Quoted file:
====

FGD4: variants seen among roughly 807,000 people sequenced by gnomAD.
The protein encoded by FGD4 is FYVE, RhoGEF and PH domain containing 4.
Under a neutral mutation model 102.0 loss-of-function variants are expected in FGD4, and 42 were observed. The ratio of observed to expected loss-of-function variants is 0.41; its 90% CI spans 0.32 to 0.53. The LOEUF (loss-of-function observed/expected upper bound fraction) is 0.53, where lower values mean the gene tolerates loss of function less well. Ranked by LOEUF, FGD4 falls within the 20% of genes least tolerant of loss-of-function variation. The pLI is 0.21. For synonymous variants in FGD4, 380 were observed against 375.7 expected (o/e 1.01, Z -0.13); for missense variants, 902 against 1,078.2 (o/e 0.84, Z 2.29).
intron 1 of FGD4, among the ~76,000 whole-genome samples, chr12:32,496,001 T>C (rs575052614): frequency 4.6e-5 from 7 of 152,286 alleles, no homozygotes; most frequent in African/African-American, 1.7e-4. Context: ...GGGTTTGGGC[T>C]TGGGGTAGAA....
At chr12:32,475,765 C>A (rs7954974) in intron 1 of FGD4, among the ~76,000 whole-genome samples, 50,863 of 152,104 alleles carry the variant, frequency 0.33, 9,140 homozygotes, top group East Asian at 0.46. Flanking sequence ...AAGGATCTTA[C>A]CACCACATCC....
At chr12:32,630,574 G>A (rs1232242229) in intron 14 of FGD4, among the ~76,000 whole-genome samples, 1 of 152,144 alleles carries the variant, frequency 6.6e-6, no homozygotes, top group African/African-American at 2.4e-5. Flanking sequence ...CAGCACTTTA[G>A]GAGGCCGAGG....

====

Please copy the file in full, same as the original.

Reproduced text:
FGD4: variants seen among roughly 807,000 people sequenced by gnomAD.
The protein encoded by FGD4 is FYVE, RhoGEF and PH domain containing 4.
Under a neutral mutation model 102.0 loss-of-function variants are expected in FGD4, and 42 were observed. The ratio of observed to expected loss-of-function variants is 0.41; its 90% CI spans 0.32 to 0.53. The LOEUF (loss-of-function observed/expected upper bound fraction) is 0.53, where lower values mean the gene tolerates loss of function less well. Ranked by LOEUF, FGD4 falls within the 20% of genes least tolerant of loss-of-function variation. The pLI is 0.21. For synonymous variants in FGD4, 380 were observed against 375.7 expected (o/e 1.01, Z -0.13); for missense variants, 902 against 1,078.2 (o/e 0.84, Z 2.29).
intron 1 of FGD4, among the ~76,000 whole-genome samples, chr12:32,496,001 T>C (rs575052614): frequency 4.6e-5 from 7 of 152,286 alleles, no homozygotes; most frequent in African/African-American, 1.7e-4. Context: ...GGGTTTGGGC[T>C]TGGGGTAGAA....
At chr12:32,475,765 C>A (rs7954974) in intron 1 of FGD4, among the ~76,000 whole-genome samples, 50,863 of 152,104 alleles carry the variant, frequency 0.33, 9,140 homozygotes, top group East Asian at 0.46. Flanking sequence ...AAGGATCTTA[C>A]CACCACATCC....
At chr12:32,630,574 G>A (rs1232242229) in intron 14 of FGD4, among the ~76,000 whole-genome samples, 1 of 152,144 alleles carries the variant, frequency 6.6e-6, no homozygotes, top group African/African-American at 2.4e-5. Flanking sequence ...CAGCACTTTA[G>A]GAGGCCGAGG....